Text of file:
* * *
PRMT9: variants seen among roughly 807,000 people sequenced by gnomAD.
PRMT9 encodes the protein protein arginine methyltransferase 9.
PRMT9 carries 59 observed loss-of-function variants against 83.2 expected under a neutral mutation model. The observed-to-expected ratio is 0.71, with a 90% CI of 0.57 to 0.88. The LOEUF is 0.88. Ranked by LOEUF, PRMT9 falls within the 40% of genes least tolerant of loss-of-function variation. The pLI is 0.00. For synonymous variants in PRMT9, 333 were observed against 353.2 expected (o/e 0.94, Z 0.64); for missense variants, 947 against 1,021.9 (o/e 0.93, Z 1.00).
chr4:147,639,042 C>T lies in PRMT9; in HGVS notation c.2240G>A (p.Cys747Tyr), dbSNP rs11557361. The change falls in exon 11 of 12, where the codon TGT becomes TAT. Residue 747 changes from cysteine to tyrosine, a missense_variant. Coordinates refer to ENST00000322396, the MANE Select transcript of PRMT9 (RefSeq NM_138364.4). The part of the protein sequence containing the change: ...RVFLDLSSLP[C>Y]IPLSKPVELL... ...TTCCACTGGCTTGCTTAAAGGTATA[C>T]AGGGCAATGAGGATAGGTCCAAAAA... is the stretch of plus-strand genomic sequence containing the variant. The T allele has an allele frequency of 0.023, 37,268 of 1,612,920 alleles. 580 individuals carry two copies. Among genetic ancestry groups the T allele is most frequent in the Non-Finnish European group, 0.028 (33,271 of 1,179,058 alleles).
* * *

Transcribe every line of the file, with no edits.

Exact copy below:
PRMT9: variants seen among roughly 807,000 people sequenced by gnomAD.
PRMT9 encodes the protein protein arginine methyltransferase 9.
PRMT9 carries 59 observed loss-of-function variants against 83.2 expected under a neutral mutation model. The observed-to-expected ratio is 0.71, with a 90% CI of 0.57 to 0.88. The LOEUF is 0.88. Ranked by LOEUF, PRMT9 falls within the 40% of genes least tolerant of loss-of-function variation. The pLI is 0.00. For synonymous variants in PRMT9, 333 were observed against 353.2 expected (o/e 0.94, Z 0.64); for missense variants, 947 against 1,021.9 (o/e 0.93, Z 1.00).
chr4:147,639,042 C>T lies in PRMT9; in HGVS notation c.2240G>A (p.Cys747Tyr), dbSNP rs11557361. The change falls in exon 11 of 12, where the codon TGT becomes TAT. Residue 747 changes from cysteine to tyrosine, a missense_variant. Coordinates refer to ENST00000322396, the MANE Select transcript of PRMT9 (RefSeq NM_138364.4). The part of the protein sequence containing the change: ...RVFLDLSSLP[C>Y]IPLSKPVELL... ...TTCCACTGGCTTGCTTAAAGGTATA[C>T]AGGGCAATGAGGATAGGTCCAAAAA... is the stretch of plus-strand genomic sequence containing the variant. The T allele has an allele frequency of 0.023, 37,268 of 1,612,920 alleles. 580 individuals carry two copies. Among genetic ancestry groups the T allele is most frequent in the Non-Finnish European group, 0.028 (33,271 of 1,179,058 alleles).